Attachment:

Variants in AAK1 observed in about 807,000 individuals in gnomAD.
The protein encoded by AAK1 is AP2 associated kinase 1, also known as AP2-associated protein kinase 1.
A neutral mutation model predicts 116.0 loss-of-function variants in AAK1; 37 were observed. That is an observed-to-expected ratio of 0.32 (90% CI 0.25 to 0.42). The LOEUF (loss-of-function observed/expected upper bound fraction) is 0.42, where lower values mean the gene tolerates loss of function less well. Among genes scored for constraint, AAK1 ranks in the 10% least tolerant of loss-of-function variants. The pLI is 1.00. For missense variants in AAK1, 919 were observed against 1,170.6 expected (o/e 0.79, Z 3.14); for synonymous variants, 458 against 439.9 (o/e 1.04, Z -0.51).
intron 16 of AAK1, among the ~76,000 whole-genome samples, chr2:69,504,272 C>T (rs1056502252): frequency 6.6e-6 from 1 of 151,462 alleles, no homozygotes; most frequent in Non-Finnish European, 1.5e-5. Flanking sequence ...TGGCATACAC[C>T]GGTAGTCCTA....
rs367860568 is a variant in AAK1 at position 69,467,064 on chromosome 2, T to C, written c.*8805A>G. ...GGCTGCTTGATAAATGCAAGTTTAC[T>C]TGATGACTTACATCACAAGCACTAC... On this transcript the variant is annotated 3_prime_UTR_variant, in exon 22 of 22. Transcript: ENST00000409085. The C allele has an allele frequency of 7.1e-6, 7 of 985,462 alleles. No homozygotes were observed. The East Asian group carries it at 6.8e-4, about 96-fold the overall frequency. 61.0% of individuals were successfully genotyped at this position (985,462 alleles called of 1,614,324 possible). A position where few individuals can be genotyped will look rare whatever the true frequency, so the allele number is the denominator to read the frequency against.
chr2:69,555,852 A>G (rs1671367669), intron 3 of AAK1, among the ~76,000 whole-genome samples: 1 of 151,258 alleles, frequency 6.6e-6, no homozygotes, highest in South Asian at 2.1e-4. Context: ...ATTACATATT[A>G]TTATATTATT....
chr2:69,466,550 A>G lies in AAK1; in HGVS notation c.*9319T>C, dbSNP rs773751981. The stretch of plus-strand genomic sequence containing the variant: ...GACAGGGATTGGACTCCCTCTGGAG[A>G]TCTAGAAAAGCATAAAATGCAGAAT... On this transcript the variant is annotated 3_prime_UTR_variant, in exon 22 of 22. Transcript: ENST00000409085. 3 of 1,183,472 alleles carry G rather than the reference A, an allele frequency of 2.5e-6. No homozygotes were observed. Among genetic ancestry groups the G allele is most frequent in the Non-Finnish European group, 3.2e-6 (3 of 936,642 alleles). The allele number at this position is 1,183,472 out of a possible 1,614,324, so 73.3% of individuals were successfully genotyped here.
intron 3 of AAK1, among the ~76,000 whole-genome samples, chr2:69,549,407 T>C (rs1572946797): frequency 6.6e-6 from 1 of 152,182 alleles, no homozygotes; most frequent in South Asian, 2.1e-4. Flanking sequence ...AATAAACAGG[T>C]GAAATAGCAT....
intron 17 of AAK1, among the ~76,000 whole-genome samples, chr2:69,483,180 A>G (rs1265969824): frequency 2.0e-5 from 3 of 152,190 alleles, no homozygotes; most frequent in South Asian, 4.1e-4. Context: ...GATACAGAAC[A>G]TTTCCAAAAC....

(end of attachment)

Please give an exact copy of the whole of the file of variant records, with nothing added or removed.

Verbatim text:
Variants in AAK1 observed in about 807,000 individuals in gnomAD.
The protein encoded by AAK1 is AP2 associated kinase 1, also known as AP2-associated protein kinase 1.
A neutral mutation model predicts 116.0 loss-of-function variants in AAK1; 37 were observed. That is an observed-to-expected ratio of 0.32 (90% CI 0.25 to 0.42). The LOEUF (loss-of-function observed/expected upper bound fraction) is 0.42, where lower values mean the gene tolerates loss of function less well. Among genes scored for constraint, AAK1 ranks in the 10% least tolerant of loss-of-function variants. The pLI is 1.00. For missense variants in AAK1, 919 were observed against 1,170.6 expected (o/e 0.79, Z 3.14); for synonymous variants, 458 against 439.9 (o/e 1.04, Z -0.51).
intron 16 of AAK1, among the ~76,000 whole-genome samples, chr2:69,504,272 C>T (rs1056502252): frequency 6.6e-6 from 1 of 151,462 alleles, no homozygotes; most frequent in Non-Finnish European, 1.5e-5. Flanking sequence ...TGGCATACAC[C>T]GGTAGTCCTA....
rs367860568 is a variant in AAK1 at position 69,467,064 on chromosome 2, T to C, written c.*8805A>G. ...GGCTGCTTGATAAATGCAAGTTTAC[T>C]TGATGACTTACATCACAAGCACTAC... On this transcript the variant is annotated 3_prime_UTR_variant, in exon 22 of 22. Transcript: ENST00000409085. The C allele has an allele frequency of 7.1e-6, 7 of 985,462 alleles. No homozygotes were observed. The East Asian group carries it at 6.8e-4, about 96-fold the overall frequency. 61.0% of individuals were successfully genotyped at this position (985,462 alleles called of 1,614,324 possible). A position where few individuals can be genotyped will look rare whatever the true frequency, so the allele number is the denominator to read the frequency against.
chr2:69,555,852 A>G (rs1671367669), intron 3 of AAK1, among the ~76,000 whole-genome samples: 1 of 151,258 alleles, frequency 6.6e-6, no homozygotes, highest in South Asian at 2.1e-4. Context: ...ATTACATATT[A>G]TTATATTATT....
chr2:69,466,550 A>G lies in AAK1; in HGVS notation c.*9319T>C, dbSNP rs773751981. The stretch of plus-strand genomic sequence containing the variant: ...GACAGGGATTGGACTCCCTCTGGAG[A>G]TCTAGAAAAGCATAAAATGCAGAAT... On this transcript the variant is annotated 3_prime_UTR_variant, in exon 22 of 22. Transcript: ENST00000409085. 3 of 1,183,472 alleles carry G rather than the reference A, an allele frequency of 2.5e-6. No homozygotes were observed. Among genetic ancestry groups the G allele is most frequent in the Non-Finnish European group, 3.2e-6 (3 of 936,642 alleles). The allele number at this position is 1,183,472 out of a possible 1,614,324, so 73.3% of individuals were successfully genotyped here.
intron 3 of AAK1, among the ~76,000 whole-genome samples, chr2:69,549,407 T>C (rs1572946797): frequency 6.6e-6 from 1 of 152,182 alleles, no homozygotes; most frequent in South Asian, 2.1e-4. Flanking sequence ...AATAAACAGG[T>C]GAAATAGCAT....
intron 17 of AAK1, among the ~76,000 whole-genome samples, chr2:69,483,180 A>G (rs1265969824): frequency 2.0e-5 from 3 of 152,190 alleles, no homozygotes; most frequent in South Asian, 4.1e-4. Context: ...GATACAGAAC[A>G]TTTCCAAAAC....